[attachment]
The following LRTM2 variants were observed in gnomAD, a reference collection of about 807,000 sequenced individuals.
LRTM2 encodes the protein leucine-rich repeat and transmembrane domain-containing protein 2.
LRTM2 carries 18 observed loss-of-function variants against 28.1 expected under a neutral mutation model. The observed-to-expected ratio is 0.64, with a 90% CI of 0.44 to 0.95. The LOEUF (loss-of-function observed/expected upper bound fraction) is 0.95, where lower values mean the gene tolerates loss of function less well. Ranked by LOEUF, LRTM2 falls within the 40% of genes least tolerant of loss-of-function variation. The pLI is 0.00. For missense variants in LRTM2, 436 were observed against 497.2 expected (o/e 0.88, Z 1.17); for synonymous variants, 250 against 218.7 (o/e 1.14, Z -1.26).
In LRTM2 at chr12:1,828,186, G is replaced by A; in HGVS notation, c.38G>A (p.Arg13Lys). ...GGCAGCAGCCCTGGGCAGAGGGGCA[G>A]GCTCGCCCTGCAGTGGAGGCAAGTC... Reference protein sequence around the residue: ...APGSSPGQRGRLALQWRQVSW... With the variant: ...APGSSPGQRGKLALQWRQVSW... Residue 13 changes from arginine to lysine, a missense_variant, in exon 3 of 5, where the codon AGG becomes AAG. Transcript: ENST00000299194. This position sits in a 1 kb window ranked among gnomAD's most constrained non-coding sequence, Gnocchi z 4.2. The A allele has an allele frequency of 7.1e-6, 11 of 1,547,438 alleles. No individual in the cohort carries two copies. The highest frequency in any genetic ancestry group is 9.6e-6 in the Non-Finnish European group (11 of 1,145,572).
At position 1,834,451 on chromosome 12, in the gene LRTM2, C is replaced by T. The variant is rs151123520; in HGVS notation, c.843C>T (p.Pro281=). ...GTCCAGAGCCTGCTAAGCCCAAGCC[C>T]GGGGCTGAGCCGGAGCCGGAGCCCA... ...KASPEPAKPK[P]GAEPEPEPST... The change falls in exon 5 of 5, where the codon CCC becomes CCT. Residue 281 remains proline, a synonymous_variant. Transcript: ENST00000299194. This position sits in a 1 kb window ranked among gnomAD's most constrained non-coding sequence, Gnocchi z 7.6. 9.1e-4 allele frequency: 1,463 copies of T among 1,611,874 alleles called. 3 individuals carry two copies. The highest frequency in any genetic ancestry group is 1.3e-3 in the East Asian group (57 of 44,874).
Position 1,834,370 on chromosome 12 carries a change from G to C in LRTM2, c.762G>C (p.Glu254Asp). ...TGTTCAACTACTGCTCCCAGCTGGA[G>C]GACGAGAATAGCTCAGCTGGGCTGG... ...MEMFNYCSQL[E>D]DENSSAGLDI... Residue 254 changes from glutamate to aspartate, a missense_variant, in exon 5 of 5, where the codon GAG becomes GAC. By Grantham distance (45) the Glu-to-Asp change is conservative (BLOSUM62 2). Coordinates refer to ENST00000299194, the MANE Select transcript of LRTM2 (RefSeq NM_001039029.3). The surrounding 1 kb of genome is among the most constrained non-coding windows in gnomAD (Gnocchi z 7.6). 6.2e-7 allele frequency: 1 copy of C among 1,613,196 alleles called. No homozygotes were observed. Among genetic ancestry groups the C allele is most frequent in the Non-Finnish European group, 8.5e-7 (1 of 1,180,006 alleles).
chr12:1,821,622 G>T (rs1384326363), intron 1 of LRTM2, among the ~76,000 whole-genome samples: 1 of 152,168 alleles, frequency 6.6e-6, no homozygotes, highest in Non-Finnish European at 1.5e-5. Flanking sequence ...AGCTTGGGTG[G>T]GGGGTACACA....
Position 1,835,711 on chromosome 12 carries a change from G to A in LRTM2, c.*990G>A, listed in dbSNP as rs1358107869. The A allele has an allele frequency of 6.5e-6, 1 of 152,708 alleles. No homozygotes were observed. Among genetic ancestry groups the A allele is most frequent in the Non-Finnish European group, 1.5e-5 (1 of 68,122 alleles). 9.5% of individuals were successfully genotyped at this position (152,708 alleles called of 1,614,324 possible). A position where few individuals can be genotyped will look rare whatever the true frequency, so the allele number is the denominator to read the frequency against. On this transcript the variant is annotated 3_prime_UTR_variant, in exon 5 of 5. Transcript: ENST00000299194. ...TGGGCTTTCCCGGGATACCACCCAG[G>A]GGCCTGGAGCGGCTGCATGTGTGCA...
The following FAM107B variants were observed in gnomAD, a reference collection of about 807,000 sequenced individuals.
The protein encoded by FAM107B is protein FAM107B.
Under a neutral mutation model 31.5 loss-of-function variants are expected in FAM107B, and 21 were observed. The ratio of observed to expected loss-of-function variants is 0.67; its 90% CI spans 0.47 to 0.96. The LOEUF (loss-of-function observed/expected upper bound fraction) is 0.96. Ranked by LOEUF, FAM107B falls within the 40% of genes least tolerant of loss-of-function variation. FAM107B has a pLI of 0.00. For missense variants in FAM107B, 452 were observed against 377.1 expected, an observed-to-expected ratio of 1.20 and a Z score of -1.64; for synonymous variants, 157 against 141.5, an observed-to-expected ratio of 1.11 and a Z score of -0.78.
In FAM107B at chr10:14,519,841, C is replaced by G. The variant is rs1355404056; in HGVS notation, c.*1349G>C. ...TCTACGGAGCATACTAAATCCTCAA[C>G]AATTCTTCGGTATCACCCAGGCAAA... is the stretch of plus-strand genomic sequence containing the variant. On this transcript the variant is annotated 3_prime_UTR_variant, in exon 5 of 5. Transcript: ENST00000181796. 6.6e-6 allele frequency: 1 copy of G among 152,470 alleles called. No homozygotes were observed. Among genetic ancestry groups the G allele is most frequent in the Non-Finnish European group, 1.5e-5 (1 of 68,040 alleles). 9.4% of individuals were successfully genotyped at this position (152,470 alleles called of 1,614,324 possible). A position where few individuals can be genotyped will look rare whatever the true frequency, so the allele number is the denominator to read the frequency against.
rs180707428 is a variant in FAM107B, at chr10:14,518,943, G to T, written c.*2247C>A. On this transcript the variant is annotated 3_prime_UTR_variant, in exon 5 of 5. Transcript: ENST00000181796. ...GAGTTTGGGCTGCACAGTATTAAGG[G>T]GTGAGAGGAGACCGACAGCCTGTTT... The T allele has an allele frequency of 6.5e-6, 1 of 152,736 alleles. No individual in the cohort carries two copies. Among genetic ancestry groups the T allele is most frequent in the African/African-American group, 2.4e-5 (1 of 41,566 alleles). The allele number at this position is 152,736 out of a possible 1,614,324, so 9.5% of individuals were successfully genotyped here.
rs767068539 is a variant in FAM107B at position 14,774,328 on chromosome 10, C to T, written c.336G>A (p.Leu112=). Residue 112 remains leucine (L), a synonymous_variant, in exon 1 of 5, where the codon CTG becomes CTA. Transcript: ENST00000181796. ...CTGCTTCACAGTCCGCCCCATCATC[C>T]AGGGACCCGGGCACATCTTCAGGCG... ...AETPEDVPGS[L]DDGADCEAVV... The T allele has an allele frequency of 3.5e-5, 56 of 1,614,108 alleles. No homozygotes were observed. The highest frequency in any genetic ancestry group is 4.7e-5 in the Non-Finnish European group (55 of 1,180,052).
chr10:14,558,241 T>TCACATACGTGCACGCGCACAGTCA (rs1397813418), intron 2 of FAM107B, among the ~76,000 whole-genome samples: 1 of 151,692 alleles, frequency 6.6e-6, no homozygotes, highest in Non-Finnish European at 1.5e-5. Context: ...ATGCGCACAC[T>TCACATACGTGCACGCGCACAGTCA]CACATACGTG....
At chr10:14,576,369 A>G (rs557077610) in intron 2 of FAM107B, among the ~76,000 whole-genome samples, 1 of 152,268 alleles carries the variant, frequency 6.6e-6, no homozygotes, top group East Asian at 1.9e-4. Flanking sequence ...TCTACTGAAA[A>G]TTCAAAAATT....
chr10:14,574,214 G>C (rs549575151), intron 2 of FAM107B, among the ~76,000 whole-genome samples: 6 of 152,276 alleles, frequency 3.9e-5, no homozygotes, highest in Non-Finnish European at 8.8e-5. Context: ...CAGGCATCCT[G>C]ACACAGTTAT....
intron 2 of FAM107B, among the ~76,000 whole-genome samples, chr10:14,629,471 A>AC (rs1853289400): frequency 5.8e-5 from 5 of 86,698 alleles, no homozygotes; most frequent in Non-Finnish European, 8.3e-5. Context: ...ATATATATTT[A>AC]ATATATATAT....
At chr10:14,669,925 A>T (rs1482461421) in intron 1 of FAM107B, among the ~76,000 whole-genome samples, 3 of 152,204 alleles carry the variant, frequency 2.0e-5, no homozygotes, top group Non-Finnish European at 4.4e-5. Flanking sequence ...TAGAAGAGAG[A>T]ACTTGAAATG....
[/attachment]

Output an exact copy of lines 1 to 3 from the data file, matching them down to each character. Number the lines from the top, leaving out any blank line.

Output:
The following LRTM2 variants were observed in gnomAD, a reference collection of about 807,000 sequenced individuals.
LRTM2 encodes the protein leucine-rich repeat and transmembrane domain-containing protein 2.
LRTM2 carries 18 observed loss-of-function variants against 28.1 expected under a neutral mutation model. The observed-to-expected ratio is 0.64, with a 90% CI of 0.44 to 0.95. The LOEUF (loss-of-function observed/expected upper bound fraction) is 0.95, where lower values mean the gene tolerates loss of function less well. Ranked by LOEUF, LRTM2 falls within the 40% of genes least tolerant of loss-of-function variation. The pLI is 0.00. For missense variants in LRTM2, 436 were observed against 497.2 expected (o/e 0.88, Z 1.17); for synonymous variants, 250 against 218.7 (o/e 1.14, Z -1.26).